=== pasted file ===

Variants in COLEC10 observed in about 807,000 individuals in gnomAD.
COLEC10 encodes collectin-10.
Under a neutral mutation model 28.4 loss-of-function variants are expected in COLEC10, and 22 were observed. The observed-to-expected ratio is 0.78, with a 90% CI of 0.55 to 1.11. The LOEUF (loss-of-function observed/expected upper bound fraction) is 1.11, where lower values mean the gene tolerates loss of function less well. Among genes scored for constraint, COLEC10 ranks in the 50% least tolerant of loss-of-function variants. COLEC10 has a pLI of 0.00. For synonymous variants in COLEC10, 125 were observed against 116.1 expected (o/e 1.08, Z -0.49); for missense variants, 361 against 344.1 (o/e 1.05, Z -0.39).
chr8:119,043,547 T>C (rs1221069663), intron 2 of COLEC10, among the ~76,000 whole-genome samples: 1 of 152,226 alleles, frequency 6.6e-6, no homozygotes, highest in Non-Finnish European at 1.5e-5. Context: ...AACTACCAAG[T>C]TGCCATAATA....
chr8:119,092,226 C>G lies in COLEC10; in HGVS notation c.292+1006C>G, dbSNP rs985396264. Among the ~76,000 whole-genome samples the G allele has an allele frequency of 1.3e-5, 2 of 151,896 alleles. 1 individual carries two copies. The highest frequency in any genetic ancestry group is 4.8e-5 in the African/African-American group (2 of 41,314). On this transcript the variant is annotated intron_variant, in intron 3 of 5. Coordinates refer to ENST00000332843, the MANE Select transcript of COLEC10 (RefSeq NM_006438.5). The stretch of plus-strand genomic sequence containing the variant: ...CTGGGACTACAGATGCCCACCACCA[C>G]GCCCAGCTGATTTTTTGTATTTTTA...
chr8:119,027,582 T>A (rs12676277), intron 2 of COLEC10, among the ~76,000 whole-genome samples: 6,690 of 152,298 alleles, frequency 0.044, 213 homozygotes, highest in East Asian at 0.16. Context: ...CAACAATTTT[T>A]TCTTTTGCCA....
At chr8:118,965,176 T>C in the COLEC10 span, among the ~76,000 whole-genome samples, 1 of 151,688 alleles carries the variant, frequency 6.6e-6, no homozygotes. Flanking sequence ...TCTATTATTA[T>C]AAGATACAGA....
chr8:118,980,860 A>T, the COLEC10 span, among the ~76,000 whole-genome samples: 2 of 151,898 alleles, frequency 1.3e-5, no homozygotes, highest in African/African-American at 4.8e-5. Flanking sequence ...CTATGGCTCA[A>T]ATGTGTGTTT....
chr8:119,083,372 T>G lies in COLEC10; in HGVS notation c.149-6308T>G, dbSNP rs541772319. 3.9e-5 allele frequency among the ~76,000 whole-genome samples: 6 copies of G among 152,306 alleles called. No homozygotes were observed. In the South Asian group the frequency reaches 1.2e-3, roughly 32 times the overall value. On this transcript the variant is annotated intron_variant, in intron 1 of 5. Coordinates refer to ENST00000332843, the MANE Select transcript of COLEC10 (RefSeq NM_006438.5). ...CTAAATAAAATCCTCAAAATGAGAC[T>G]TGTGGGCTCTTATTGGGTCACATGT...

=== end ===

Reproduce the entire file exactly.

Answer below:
Variants in COLEC10 observed in about 807,000 individuals in gnomAD.
COLEC10 encodes collectin-10.
Under a neutral mutation model 28.4 loss-of-function variants are expected in COLEC10, and 22 were observed. The observed-to-expected ratio is 0.78, with a 90% CI of 0.55 to 1.11. The LOEUF (loss-of-function observed/expected upper bound fraction) is 1.11, where lower values mean the gene tolerates loss of function less well. Among genes scored for constraint, COLEC10 ranks in the 50% least tolerant of loss-of-function variants. COLEC10 has a pLI of 0.00. For synonymous variants in COLEC10, 125 were observed against 116.1 expected (o/e 1.08, Z -0.49); for missense variants, 361 against 344.1 (o/e 1.05, Z -0.39).
chr8:119,043,547 T>C (rs1221069663), intron 2 of COLEC10, among the ~76,000 whole-genome samples: 1 of 152,226 alleles, frequency 6.6e-6, no homozygotes, highest in Non-Finnish European at 1.5e-5. Context: ...AACTACCAAG[T>C]TGCCATAATA....
chr8:119,092,226 C>G lies in COLEC10; in HGVS notation c.292+1006C>G, dbSNP rs985396264. Among the ~76,000 whole-genome samples the G allele has an allele frequency of 1.3e-5, 2 of 151,896 alleles. 1 individual carries two copies. The highest frequency in any genetic ancestry group is 4.8e-5 in the African/African-American group (2 of 41,314). On this transcript the variant is annotated intron_variant, in intron 3 of 5. Coordinates refer to ENST00000332843, the MANE Select transcript of COLEC10 (RefSeq NM_006438.5). The stretch of plus-strand genomic sequence containing the variant: ...CTGGGACTACAGATGCCCACCACCA[C>G]GCCCAGCTGATTTTTTGTATTTTTA...
chr8:119,027,582 T>A (rs12676277), intron 2 of COLEC10, among the ~76,000 whole-genome samples: 6,690 of 152,298 alleles, frequency 0.044, 213 homozygotes, highest in East Asian at 0.16. Context: ...CAACAATTTT[T>A]TCTTTTGCCA....
At chr8:118,965,176 T>C in the COLEC10 span, among the ~76,000 whole-genome samples, 1 of 151,688 alleles carries the variant, frequency 6.6e-6, no homozygotes. Flanking sequence ...TCTATTATTA[T>C]AAGATACAGA....
chr8:118,980,860 A>T, the COLEC10 span, among the ~76,000 whole-genome samples: 2 of 151,898 alleles, frequency 1.3e-5, no homozygotes, highest in African/African-American at 4.8e-5. Flanking sequence ...CTATGGCTCA[A>T]ATGTGTGTTT....
chr8:119,083,372 T>G lies in COLEC10; in HGVS notation c.149-6308T>G, dbSNP rs541772319. 3.9e-5 allele frequency among the ~76,000 whole-genome samples: 6 copies of G among 152,306 alleles called. No homozygotes were observed. In the South Asian group the frequency reaches 1.2e-3, roughly 32 times the overall value. On this transcript the variant is annotated intron_variant, in intron 1 of 5. Coordinates refer to ENST00000332843, the MANE Select transcript of COLEC10 (RefSeq NM_006438.5). ...CTAAATAAAATCCTCAAAATGAGAC[T>G]TGTGGGCTCTTATTGGGTCACATGT...